Nepal is severely flood-prone and ranks 20th worldwide in terms of flood-affected population. Although it is widely acknowledged that both national and community-based early warning systems (EWS) can reduce the impact of floods, studies quantifying the cost-benefits remain scarce. This study analyzes the costs and benefits of the EWS in the Lower Karnali River Basin in Nepal through 453 household surveys, 30 focus group discussions and 40 key informant interviews. The results show that households found the EWS to be beneficial and reliable, allowing them to save movable property, livestock and vehicles and health costs equivalent to NPR 117,027 (USD 1083) per household during the flood. The benefit-cost ratio is between 24 and 73 depending on different scenarios. 98% of the respondents would be willing to pay an annual fee of NPR 79 (USD 0.70) for five years if the existing flood EWS was to be managed by the community disaster committees. This can generate NPR 694,426 (USD 6430) annually, which would cover the annual maintenance and operating cost of the system. EWS gradually changes behaviors of communities over time as they start to trust the system and lead times are increased, resulting in more social capital and a wider range of early actions that reduce avoidable loss and damage. Improving the forecast lead time by 1 h can increase the current savings by 1.83 times. The results of the cost-benefit analysis can inform the policy-making of state and non-state actors and contribute to securing further funding.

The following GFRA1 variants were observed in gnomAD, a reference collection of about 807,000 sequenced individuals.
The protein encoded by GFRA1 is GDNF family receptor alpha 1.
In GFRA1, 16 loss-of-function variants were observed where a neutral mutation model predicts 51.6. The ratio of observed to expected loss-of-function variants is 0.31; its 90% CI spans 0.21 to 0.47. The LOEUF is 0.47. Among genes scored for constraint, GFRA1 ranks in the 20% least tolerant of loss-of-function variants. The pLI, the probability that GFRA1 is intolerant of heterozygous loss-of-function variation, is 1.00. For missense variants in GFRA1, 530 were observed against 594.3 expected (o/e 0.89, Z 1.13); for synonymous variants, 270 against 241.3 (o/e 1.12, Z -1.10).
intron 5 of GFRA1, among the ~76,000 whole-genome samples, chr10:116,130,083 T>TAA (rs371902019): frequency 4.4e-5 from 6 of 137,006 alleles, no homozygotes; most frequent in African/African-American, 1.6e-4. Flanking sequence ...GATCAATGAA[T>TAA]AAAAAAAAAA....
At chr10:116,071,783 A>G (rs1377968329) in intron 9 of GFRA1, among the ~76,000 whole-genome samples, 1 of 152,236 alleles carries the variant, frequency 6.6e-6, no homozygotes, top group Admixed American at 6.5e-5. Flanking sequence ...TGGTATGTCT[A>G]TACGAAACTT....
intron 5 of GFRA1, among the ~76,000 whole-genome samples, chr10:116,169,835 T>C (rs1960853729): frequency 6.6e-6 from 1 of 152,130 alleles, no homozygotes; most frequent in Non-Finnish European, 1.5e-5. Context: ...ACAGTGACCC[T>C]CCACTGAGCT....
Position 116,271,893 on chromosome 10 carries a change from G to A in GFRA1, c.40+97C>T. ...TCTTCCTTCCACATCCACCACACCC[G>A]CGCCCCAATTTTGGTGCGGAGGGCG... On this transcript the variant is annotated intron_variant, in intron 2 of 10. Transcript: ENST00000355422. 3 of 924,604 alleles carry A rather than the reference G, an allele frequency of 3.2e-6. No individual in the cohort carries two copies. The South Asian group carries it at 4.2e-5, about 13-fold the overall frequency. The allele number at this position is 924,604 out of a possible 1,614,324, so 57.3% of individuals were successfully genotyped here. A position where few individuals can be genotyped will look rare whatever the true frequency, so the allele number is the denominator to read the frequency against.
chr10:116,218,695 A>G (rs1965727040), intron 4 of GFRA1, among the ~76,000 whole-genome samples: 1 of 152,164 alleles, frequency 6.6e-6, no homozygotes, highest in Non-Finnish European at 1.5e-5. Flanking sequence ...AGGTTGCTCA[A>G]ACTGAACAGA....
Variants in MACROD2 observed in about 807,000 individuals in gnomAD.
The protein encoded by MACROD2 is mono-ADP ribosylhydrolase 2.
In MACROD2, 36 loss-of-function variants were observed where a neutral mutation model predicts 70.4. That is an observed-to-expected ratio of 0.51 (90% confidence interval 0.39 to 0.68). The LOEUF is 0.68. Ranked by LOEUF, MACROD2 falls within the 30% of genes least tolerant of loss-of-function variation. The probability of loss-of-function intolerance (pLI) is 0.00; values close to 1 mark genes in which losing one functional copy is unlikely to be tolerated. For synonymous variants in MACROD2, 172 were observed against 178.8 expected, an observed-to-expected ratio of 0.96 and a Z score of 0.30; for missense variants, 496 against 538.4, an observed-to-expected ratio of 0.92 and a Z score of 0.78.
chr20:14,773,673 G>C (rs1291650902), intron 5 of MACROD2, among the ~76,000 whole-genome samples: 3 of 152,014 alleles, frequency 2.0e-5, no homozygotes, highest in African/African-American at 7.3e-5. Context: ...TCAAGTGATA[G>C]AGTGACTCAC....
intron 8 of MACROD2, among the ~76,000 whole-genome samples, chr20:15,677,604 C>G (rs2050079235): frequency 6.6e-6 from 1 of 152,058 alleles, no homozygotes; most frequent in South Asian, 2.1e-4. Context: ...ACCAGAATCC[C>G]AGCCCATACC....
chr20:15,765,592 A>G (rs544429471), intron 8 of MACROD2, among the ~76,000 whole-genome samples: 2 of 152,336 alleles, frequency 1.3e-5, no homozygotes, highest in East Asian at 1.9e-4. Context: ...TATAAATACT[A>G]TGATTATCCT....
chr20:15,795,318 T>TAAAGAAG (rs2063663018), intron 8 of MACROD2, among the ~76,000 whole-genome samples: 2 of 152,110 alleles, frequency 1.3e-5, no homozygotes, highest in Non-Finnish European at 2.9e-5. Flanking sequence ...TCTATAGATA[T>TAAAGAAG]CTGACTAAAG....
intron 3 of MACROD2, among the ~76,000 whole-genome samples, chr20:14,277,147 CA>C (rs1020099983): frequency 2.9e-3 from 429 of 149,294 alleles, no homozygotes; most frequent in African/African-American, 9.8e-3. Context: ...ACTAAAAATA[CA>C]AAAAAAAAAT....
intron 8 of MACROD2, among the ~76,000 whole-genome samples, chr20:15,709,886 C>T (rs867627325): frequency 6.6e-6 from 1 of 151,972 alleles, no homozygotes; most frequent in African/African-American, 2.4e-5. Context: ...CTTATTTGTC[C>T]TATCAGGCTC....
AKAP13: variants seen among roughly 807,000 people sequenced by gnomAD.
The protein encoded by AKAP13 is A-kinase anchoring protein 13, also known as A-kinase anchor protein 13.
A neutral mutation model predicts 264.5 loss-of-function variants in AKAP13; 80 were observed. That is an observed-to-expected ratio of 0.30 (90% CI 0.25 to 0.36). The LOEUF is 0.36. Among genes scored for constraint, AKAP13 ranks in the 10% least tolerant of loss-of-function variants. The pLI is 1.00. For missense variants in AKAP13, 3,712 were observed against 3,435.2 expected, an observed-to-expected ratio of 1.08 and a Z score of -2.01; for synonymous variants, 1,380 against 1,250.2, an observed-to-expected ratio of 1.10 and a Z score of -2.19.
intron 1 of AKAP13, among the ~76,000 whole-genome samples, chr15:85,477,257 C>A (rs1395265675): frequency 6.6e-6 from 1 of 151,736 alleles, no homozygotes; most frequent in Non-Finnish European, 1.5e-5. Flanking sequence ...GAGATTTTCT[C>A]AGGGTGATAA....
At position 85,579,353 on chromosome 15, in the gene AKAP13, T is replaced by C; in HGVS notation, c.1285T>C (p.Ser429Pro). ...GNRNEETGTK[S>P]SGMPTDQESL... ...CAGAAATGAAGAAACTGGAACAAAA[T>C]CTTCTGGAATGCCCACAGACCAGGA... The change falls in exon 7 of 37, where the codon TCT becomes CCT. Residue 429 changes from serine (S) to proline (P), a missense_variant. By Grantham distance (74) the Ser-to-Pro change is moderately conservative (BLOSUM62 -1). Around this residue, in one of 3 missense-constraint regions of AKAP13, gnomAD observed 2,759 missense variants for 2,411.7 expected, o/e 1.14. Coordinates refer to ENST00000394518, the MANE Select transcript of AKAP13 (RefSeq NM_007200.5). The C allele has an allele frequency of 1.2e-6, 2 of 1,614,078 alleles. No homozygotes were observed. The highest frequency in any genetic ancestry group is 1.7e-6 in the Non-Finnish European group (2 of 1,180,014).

Kumar Rai, Rajesh; van den Homberg, Marc J.C.; Prasad Ghimire, Gopal; McQuistan, Colin
||International Journal of Disaster Risk Reduction